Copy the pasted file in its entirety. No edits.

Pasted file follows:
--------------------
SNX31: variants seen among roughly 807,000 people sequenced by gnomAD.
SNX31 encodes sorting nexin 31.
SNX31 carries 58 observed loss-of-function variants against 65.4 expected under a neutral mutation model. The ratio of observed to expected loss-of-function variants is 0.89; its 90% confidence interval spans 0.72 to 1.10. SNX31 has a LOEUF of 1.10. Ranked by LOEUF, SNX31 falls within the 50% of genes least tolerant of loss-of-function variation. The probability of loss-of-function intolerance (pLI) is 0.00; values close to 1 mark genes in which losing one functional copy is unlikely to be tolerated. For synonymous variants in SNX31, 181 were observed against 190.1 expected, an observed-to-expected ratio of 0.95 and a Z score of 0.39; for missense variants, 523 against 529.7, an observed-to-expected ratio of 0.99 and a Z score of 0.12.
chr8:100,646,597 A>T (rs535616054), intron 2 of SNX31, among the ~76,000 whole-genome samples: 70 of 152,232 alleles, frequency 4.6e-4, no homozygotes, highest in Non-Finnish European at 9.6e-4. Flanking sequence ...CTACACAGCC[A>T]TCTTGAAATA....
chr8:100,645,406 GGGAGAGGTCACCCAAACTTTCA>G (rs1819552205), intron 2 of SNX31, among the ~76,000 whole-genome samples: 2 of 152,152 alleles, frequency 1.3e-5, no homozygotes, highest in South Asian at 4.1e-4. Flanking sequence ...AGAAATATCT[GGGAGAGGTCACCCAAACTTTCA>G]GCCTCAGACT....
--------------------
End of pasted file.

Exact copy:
SNX31: variants seen among roughly 807,000 people sequenced by gnomAD.
SNX31 encodes sorting nexin 31.
SNX31 carries 58 observed loss-of-function variants against 65.4 expected under a neutral mutation model. The ratio of observed to expected loss-of-function variants is 0.89; its 90% confidence interval spans 0.72 to 1.10. SNX31 has a LOEUF of 1.10. Ranked by LOEUF, SNX31 falls within the 50% of genes least tolerant of loss-of-function variation. The probability of loss-of-function intolerance (pLI) is 0.00; values close to 1 mark genes in which losing one functional copy is unlikely to be tolerated. For synonymous variants in SNX31, 181 were observed against 190.1 expected, an observed-to-expected ratio of 0.95 and a Z score of 0.39; for missense variants, 523 against 529.7, an observed-to-expected ratio of 0.99 and a Z score of 0.12.
chr8:100,646,597 A>T (rs535616054), intron 2 of SNX31, among the ~76,000 whole-genome samples: 70 of 152,232 alleles, frequency 4.6e-4, no homozygotes, highest in Non-Finnish European at 9.6e-4. Flanking sequence ...CTACACAGCC[A>T]TCTTGAAATA....
chr8:100,645,406 GGGAGAGGTCACCCAAACTTTCA>G (rs1819552205), intron 2 of SNX31, among the ~76,000 whole-genome samples: 2 of 152,152 alleles, frequency 1.3e-5, no homozygotes, highest in South Asian at 4.1e-4. Flanking sequence ...AGAAATATCT[GGGAGAGGTCACCCAAACTTTCA>G]GCCTCAGACT....